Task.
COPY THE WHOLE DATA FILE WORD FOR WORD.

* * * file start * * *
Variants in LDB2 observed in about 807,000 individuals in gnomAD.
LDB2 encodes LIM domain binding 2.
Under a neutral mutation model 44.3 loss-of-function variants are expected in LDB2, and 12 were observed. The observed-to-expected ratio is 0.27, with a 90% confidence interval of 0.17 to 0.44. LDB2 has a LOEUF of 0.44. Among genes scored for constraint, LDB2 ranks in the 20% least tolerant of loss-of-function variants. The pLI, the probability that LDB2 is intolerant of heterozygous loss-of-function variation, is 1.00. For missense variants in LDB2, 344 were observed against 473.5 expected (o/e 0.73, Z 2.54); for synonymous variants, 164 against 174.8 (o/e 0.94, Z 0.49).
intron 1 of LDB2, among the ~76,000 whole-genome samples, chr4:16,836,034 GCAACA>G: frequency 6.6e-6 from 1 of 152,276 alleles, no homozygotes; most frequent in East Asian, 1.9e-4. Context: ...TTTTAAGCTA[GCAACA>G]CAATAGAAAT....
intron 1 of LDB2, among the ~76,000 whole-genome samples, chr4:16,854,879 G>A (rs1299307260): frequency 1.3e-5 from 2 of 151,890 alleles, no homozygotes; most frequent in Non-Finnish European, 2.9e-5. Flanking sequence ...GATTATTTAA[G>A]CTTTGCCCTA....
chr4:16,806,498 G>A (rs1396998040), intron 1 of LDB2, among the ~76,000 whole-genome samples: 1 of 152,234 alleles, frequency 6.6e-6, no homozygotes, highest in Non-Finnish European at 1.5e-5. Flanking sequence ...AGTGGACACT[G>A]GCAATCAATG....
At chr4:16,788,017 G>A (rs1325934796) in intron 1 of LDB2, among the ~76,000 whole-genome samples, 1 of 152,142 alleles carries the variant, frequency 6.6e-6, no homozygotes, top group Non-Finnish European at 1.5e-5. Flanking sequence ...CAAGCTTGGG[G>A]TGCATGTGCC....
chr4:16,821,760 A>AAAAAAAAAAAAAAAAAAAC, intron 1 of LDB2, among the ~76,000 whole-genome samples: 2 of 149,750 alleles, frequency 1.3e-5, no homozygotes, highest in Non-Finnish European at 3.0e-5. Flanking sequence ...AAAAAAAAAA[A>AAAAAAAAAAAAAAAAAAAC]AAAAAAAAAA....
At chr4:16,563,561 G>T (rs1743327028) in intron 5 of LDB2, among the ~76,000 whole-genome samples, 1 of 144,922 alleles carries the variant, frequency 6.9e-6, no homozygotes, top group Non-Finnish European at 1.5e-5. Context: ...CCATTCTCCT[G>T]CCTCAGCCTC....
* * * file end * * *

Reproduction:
Variants in LDB2 observed in about 807,000 individuals in gnomAD.
LDB2 encodes LIM domain binding 2.
Under a neutral mutation model 44.3 loss-of-function variants are expected in LDB2, and 12 were observed. The observed-to-expected ratio is 0.27, with a 90% confidence interval of 0.17 to 0.44. LDB2 has a LOEUF of 0.44. Among genes scored for constraint, LDB2 ranks in the 20% least tolerant of loss-of-function variants. The pLI, the probability that LDB2 is intolerant of heterozygous loss-of-function variation, is 1.00. For missense variants in LDB2, 344 were observed against 473.5 expected (o/e 0.73, Z 2.54); for synonymous variants, 164 against 174.8 (o/e 0.94, Z 0.49).
intron 1 of LDB2, among the ~76,000 whole-genome samples, chr4:16,836,034 GCAACA>G: frequency 6.6e-6 from 1 of 152,276 alleles, no homozygotes; most frequent in East Asian, 1.9e-4. Context: ...TTTTAAGCTA[GCAACA>G]CAATAGAAAT....
intron 1 of LDB2, among the ~76,000 whole-genome samples, chr4:16,854,879 G>A (rs1299307260): frequency 1.3e-5 from 2 of 151,890 alleles, no homozygotes; most frequent in Non-Finnish European, 2.9e-5. Flanking sequence ...GATTATTTAA[G>A]CTTTGCCCTA....
chr4:16,806,498 G>A (rs1396998040), intron 1 of LDB2, among the ~76,000 whole-genome samples: 1 of 152,234 alleles, frequency 6.6e-6, no homozygotes, highest in Non-Finnish European at 1.5e-5. Flanking sequence ...AGTGGACACT[G>A]GCAATCAATG....
At chr4:16,788,017 G>A (rs1325934796) in intron 1 of LDB2, among the ~76,000 whole-genome samples, 1 of 152,142 alleles carries the variant, frequency 6.6e-6, no homozygotes, top group Non-Finnish European at 1.5e-5. Flanking sequence ...CAAGCTTGGG[G>A]TGCATGTGCC....
chr4:16,821,760 A>AAAAAAAAAAAAAAAAAAAC, intron 1 of LDB2, among the ~76,000 whole-genome samples: 2 of 149,750 alleles, frequency 1.3e-5, no homozygotes, highest in Non-Finnish European at 3.0e-5. Flanking sequence ...AAAAAAAAAA[A>AAAAAAAAAAAAAAAAAAAC]AAAAAAAAAA....
At chr4:16,563,561 G>T (rs1743327028) in intron 5 of LDB2, among the ~76,000 whole-genome samples, 1 of 144,922 alleles carries the variant, frequency 6.9e-6, no homozygotes, top group Non-Finnish European at 1.5e-5. Context: ...CCATTCTCCT[G>T]CCTCAGCCTC....